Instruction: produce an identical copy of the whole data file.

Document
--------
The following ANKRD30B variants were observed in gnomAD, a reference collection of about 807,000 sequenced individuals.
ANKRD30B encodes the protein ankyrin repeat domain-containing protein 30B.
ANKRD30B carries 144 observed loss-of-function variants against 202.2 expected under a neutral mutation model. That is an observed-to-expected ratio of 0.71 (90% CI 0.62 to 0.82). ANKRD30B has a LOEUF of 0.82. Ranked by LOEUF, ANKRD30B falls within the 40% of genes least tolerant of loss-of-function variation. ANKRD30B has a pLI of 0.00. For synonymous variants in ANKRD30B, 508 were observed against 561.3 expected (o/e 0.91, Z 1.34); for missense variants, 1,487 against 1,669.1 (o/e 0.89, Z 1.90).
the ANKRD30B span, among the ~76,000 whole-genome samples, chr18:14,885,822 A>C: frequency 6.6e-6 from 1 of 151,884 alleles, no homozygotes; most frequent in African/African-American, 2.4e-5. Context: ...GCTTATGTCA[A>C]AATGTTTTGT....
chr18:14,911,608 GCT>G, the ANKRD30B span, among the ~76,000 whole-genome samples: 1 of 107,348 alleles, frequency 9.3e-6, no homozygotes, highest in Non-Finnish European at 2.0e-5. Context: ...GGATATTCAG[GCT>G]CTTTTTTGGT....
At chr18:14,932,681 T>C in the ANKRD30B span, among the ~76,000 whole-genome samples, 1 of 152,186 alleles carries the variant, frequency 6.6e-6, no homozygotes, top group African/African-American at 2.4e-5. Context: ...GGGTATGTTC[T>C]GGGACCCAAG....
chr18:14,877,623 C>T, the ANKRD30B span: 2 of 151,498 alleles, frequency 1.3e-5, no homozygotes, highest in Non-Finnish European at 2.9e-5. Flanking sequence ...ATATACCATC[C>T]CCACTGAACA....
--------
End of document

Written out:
The following ANKRD30B variants were observed in gnomAD, a reference collection of about 807,000 sequenced individuals.
ANKRD30B encodes the protein ankyrin repeat domain-containing protein 30B.
ANKRD30B carries 144 observed loss-of-function variants against 202.2 expected under a neutral mutation model. That is an observed-to-expected ratio of 0.71 (90% CI 0.62 to 0.82). ANKRD30B has a LOEUF of 0.82. Ranked by LOEUF, ANKRD30B falls within the 40% of genes least tolerant of loss-of-function variation. ANKRD30B has a pLI of 0.00. For synonymous variants in ANKRD30B, 508 were observed against 561.3 expected (o/e 0.91, Z 1.34); for missense variants, 1,487 against 1,669.1 (o/e 0.89, Z 1.90).
the ANKRD30B span, among the ~76,000 whole-genome samples, chr18:14,885,822 A>C: frequency 6.6e-6 from 1 of 151,884 alleles, no homozygotes; most frequent in African/African-American, 2.4e-5. Context: ...GCTTATGTCA[A>C]AATGTTTTGT....
chr18:14,911,608 GCT>G, the ANKRD30B span, among the ~76,000 whole-genome samples: 1 of 107,348 alleles, frequency 9.3e-6, no homozygotes, highest in Non-Finnish European at 2.0e-5. Context: ...GGATATTCAG[GCT>G]CTTTTTTGGT....
At chr18:14,932,681 T>C in the ANKRD30B span, among the ~76,000 whole-genome samples, 1 of 152,186 alleles carries the variant, frequency 6.6e-6, no homozygotes, top group African/African-American at 2.4e-5. Context: ...GGGTATGTTC[T>C]GGGACCCAAG....
chr18:14,877,623 C>T, the ANKRD30B span: 2 of 151,498 alleles, frequency 1.3e-5, no homozygotes, highest in Non-Finnish European at 2.9e-5. Flanking sequence ...ATATACCATC[C>T]CCACTGAACA....